An deploy job has been successfully created.

Waiting for Job:JobCliTemplateDeployIOSDevices01_55_57_204_AM_06_20_2016

user:api run:COMPLETED result:SUCCESS Start:2016-06-20T01:56:27.247+10:00

For full job history: op/jobService/runhistory.json?jobName=JobCliTemplateDeployIOSDevices01_55_57_204_AM_06_20_2016

More Examples

You can use other templates in a similar way.  The first step is to take a look at the template with "./get_template.py –[nt] <name|id> –s".  You can use either the template name or the templateId. You need the –s to get the data structure, and leave it off to get the full template and extra information.

For example, to  add a vlan, you take a look at the data structure for the template.  Both "vlanId" and "vlanName" are required variables.

$ ./get_template.py -n "Add_Vlan" -s

{

"cliTemplateCommand": {

"targetDevices": {

"targetDevice": {

"targetDeviceID": "<DEVICEID>",

"variableValues": {

"variableValue": [

{

              "name": "vlanId",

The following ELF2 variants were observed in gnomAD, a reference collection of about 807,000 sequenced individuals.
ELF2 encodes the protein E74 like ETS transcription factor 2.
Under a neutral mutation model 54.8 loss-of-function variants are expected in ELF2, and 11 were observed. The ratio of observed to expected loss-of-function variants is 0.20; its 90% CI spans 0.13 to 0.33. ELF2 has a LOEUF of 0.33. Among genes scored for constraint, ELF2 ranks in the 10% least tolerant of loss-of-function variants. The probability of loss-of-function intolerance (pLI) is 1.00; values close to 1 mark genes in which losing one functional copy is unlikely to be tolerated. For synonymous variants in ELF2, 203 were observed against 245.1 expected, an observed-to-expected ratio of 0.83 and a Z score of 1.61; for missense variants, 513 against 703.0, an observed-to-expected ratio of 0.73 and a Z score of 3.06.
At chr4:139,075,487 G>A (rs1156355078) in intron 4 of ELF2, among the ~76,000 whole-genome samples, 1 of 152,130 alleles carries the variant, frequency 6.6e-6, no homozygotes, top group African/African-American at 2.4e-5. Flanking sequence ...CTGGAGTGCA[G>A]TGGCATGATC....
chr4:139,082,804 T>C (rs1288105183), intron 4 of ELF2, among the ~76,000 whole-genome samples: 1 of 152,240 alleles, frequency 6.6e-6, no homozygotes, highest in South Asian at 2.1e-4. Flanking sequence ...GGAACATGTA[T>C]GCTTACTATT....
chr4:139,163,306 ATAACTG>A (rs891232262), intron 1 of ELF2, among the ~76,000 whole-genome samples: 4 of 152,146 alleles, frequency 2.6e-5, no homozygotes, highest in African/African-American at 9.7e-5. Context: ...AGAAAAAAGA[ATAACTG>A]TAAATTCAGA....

"value": "required"

},

{

              "name": "vlanName",

              "value": "required"

}

]

}

}

},

"templateName": "Add_Vlan"

  }

}

Then use the "run_template.py" script to apply this template to a device.

$ ./run_template.py -t "Add_Vlan" -p '{"vlanId" : "333", "vlanName" : "DDDD"}' -d 10.10.8.100

Applying template:'Add_Vlan' to device:10.10.8.100

An deploy job has been successfully created.

Waiting for Job:JobCliTemplateDeployIOSDevices06_27_09_679_PM_07_02_2016

user:api run:COMPLETED result:SUCCESS Start:2016-07-02T18:27:39.742+10:00 Stop:2016-07-02T18:27:40.775+10:00

For full job history: op/jobService/runhistory.json?jobName=JobCliTemplateDeployIOSDevices06_27_09_679_PM_07_02_2016

There are lots of other template options.  For example all templates for IWAN are available, which could automate the deployment of an IWAN solution.  Take a look at the IWAN MPLS border router schema below.  This shows you the parameters needed to deploy a IWAN MPLS border router.  Note this example is using pre-shared-keys; there is also a PKI template too.

$ ./get_template.py -n CVD-DMVPN-MPLS-DC1 -s

{

"cliTemplateCommand": {

"targetDevices": {

"targetDevice": {

"targetDeviceID": "<DEVICEID>",

"variableValues": {

"variableValue": [

{

              "name": "PnPGlobal_HIDDEN",

              "value": ""

},

{

              "name": "MPLS-WAN-Bandwidth-KBPS",

              "value": "required"